Sunshine on Leith (album)

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Sunshine on Leith
Proclaimers sunshine on leith.jpg
Studio album by
ReleasedAugust 1988 (UK)
1989 (USA)
RecordedJanuary–February 1988
StudioChipping Norton Recording Studios
53:30 (2001 re-release)
LabelChrysalis, Nettwerk
ProducerPete Wingfield
The Proclaimers chronology
This Is the Story
Sunshine on Leith
Hit the Highway
Singles from Sunshine on Leith
  1. "I'm Gonna Be (500 Miles)"
    Released: 1988
  2. "Sunshine on Leith"
    Released: 1988
  3. "I'm on My Way"
    Released: 1989
  4. "Then I Met You"
    Released: 1989

Sunshine on Leith is the second studio album by Scottish folk rock duo The Proclaimers, released in August 1988 through Chrysalis Records.[3] The record spawned four singles: "I'm Gonna Be (500 Miles)", which topped charts in Australia,[4] New Zealand and Iceland; "Sunshine on Leith", a ballad that has become an anthem for Scottish football club Hibernian F.C.;[5] the No. 3 Australian hit "I'm on My Way"; and the Australian-exclusive "Then I Met You". The non-single "Cap in Hand" also came to prominence in 2014 with the Scottish Independence referendum.[6]

Sunshine on Leith marked a departure from the minimalist acoustics of the group's 1987 debut This Is the Story, toward a rock-oriented full band sound,[7] and was a major worldwide hit, particular in Australia where it was described as the band's "biggest success", reaching No. 2 in the ARIA Charts and being 1989's 12th highest-seller.[4][8] The album peaked at No. 3 and No. 6 in New Zealand and the United Kingdom respectively, while also charting in Canada and Sweden, ultimately selling over 2 million copies worldwide.[9]


Sunshine on Leith was recorded at Chipping Norton Recording Studios in Oxfordshire, England,[10] and was produced by Pete Wingfield.[1] The recording for Sunshine on Leith marked the first time that The Proclaimers had worked with a band,[1] having recruited a studio lineup including Fairport Convention drummer Dave Mattacks and Steve Shaw of Dexys Midnight Runners.[1]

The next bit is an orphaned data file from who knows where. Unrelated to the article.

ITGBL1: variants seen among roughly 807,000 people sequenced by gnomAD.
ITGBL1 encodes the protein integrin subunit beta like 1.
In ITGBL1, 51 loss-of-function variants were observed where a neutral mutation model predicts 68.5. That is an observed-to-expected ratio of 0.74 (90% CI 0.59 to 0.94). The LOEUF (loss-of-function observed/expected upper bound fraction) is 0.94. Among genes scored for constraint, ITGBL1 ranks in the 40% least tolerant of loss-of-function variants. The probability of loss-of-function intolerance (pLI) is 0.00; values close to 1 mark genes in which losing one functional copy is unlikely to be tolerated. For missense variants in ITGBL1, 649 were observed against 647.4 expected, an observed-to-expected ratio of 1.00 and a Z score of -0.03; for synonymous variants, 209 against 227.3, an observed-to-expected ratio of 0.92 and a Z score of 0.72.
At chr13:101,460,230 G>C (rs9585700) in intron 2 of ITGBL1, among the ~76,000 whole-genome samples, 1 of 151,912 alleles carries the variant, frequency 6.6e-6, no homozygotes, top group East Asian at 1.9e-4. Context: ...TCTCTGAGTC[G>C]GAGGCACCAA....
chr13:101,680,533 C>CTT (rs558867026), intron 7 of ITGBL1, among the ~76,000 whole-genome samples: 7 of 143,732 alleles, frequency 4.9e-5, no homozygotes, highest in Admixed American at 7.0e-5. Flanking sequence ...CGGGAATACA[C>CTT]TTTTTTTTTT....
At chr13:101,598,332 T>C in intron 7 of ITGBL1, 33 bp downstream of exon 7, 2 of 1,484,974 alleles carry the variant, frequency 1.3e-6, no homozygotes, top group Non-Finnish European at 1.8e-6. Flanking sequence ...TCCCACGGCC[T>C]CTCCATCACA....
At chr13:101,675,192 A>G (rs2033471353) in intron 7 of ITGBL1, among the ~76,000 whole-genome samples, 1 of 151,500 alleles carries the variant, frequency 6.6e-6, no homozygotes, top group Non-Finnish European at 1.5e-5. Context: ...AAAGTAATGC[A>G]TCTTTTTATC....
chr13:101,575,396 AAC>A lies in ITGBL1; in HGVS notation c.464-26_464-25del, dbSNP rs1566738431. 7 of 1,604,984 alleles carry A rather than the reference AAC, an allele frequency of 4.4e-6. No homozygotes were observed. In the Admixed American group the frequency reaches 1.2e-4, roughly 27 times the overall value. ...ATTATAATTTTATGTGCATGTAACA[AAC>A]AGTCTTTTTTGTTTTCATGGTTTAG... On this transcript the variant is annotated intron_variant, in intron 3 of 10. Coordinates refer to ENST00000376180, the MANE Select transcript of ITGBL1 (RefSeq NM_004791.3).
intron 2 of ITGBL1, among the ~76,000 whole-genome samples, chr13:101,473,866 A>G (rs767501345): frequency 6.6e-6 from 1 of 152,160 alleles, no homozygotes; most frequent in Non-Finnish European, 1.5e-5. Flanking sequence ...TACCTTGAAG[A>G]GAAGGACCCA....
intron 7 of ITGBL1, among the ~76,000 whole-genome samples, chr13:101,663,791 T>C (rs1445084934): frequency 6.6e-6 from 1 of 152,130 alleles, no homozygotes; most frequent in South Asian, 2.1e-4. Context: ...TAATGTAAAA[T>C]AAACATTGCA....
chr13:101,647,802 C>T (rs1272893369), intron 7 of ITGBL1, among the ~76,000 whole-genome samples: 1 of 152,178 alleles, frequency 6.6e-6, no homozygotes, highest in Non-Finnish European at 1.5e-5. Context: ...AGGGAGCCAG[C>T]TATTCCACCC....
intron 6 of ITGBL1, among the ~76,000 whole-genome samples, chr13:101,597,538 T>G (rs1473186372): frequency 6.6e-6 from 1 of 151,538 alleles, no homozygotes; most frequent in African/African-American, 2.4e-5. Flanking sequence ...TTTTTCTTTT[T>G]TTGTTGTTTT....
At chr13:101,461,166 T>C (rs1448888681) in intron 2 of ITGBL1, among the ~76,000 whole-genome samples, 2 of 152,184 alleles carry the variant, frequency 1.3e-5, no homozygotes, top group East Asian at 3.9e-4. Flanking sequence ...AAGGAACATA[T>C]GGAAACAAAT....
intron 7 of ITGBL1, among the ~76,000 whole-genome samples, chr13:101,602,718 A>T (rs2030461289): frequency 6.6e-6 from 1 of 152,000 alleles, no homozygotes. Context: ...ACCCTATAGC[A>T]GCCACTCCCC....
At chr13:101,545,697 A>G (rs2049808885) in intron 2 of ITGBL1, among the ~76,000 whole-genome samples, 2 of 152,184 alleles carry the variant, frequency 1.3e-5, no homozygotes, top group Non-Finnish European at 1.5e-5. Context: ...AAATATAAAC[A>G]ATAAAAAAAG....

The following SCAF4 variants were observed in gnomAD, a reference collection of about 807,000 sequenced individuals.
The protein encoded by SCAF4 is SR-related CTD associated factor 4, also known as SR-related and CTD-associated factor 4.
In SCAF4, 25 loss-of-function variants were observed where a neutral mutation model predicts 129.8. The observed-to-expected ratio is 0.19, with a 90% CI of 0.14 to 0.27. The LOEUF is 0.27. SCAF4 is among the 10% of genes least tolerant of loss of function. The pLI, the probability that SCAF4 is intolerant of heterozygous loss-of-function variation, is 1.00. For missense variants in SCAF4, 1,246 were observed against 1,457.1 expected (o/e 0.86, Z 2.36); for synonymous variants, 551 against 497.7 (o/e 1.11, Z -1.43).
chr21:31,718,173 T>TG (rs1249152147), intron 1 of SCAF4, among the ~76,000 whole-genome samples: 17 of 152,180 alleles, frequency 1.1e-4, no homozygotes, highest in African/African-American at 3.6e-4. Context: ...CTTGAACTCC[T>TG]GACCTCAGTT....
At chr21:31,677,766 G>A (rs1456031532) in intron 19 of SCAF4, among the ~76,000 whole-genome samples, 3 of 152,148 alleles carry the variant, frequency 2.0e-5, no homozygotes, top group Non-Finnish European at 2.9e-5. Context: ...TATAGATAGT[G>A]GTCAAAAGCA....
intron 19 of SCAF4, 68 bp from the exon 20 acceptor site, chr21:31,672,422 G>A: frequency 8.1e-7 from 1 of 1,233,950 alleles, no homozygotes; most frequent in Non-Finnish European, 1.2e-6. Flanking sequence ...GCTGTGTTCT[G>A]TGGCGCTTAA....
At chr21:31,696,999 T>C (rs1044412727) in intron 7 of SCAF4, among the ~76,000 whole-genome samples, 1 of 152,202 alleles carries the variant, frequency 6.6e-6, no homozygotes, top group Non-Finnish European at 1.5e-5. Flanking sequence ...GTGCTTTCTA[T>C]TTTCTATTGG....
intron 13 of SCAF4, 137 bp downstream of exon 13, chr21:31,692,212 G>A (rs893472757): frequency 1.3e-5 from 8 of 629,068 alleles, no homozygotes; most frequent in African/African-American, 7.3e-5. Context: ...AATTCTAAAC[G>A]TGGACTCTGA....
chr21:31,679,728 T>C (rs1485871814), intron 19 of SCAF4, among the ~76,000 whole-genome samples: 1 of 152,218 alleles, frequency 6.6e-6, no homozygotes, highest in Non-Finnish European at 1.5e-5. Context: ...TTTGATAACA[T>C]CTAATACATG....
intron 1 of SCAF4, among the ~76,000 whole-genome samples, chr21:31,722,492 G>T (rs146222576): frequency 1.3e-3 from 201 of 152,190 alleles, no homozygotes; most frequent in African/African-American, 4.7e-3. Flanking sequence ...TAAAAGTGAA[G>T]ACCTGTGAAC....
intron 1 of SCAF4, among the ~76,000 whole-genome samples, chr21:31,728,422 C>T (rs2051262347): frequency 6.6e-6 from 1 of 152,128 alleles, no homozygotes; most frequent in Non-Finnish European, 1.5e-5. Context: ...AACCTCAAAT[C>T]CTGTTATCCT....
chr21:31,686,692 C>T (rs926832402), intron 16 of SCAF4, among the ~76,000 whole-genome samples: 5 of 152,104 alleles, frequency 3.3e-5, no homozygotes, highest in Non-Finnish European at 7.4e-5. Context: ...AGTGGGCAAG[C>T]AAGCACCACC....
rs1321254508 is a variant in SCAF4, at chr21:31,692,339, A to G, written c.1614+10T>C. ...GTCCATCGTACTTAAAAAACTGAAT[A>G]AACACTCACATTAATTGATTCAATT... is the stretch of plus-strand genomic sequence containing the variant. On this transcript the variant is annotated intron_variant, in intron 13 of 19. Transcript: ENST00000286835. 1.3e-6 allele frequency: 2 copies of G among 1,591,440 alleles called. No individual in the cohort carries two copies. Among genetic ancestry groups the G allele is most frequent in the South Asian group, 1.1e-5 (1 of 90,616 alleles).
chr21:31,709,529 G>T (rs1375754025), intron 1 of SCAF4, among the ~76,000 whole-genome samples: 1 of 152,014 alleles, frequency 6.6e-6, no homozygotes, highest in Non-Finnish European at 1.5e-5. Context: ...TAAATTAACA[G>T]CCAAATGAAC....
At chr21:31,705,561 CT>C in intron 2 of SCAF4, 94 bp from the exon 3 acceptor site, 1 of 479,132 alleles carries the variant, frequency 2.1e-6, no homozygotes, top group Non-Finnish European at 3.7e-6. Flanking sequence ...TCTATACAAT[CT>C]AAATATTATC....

Music and style[edit]

Musical style[edit]

At variance with the stripped-back acoustic nature of the band's 1987 debut effort This Is The Story, Sunshine on Leith embraced the rock-angled sound of a full band.[7] Describing the album's musical style, Chris Heim of the Chicago Tribune opined that Sunshine on Leith had a "lively folk-rock sound with hints of Scottish airs, American country and worldwide rock-n-roll [...] a synthesis [the band] have thoughtfully forged from their respect for their own culture and their interest in American music".[1] Rhino Insider characterized the record's sound as "stripped down pub-rock [...] enlivened by Scottish folk influences".[2]

Lyrics and themes[edit]

Many of Sunshine on Leith's songs narrated familial bliss, such as "Then I Met You" and "Sean", an ode to fatherhood.[10][11] "Cap in Hand" and "What Do You Do?" relayed the band's Scottish nationalist convictions.[12]

Alluding to the record's moods, Tom Demalton of AllMusic identified "a thread of optimism that runs through most of the album",[10] with Mike Bohem of Los Angeles Times similarly detailing that the band's blend of "ambitious, catchy melody with an earthy, unbridled approach to singing helps the Proclaimers put across songs of unabashed joy".[11]

Critical reception[edit]


Professional ratings
Review scores
Chicago Reader[12]Favourable
Record Mirror[13]
Rolling Stone[14]Favourable
Encyclopedia of Popular Music[15]

Sunshine on Leith has enjoyed positive critical reception. In a four-and-a-half out of five star review, Tom Demalton of AllMusic proclaimed the record to be "highly listenable and thoroughly engaging blend of folk and pop".[10]

Bill Wyman of the Chicago Reader remarked that Sunshine on Leith was a "magnificent" and "almost flawless" record.[12]

Rhino Insider remarked of a reissued edition that Sunshine on Leith offered "plenty more to enjoy" beyond the lead single, containing "fine originals" "("Oh Jean", "I'm On My Way") and "appealing covers" ("My Old Friend the Blues"), and opined the album to be "invigorating from beginning to end".[2]

In April 1989, Steve Hochman of Rolling Stone lauded Sunshine on Leith “a wonderfully guileless treasure of an album”.[14]


Sunshine on Leith was ranked No. 12 out of the 50 top-selling albums for 1989 in Australia.[8] In October 2003, The Scotsman ranked Sunshine on Leith No. 25 on their "100 Best Scottish Albums" list, the second of two Proclaimers' albums featured.[16]

Commercial performance[edit]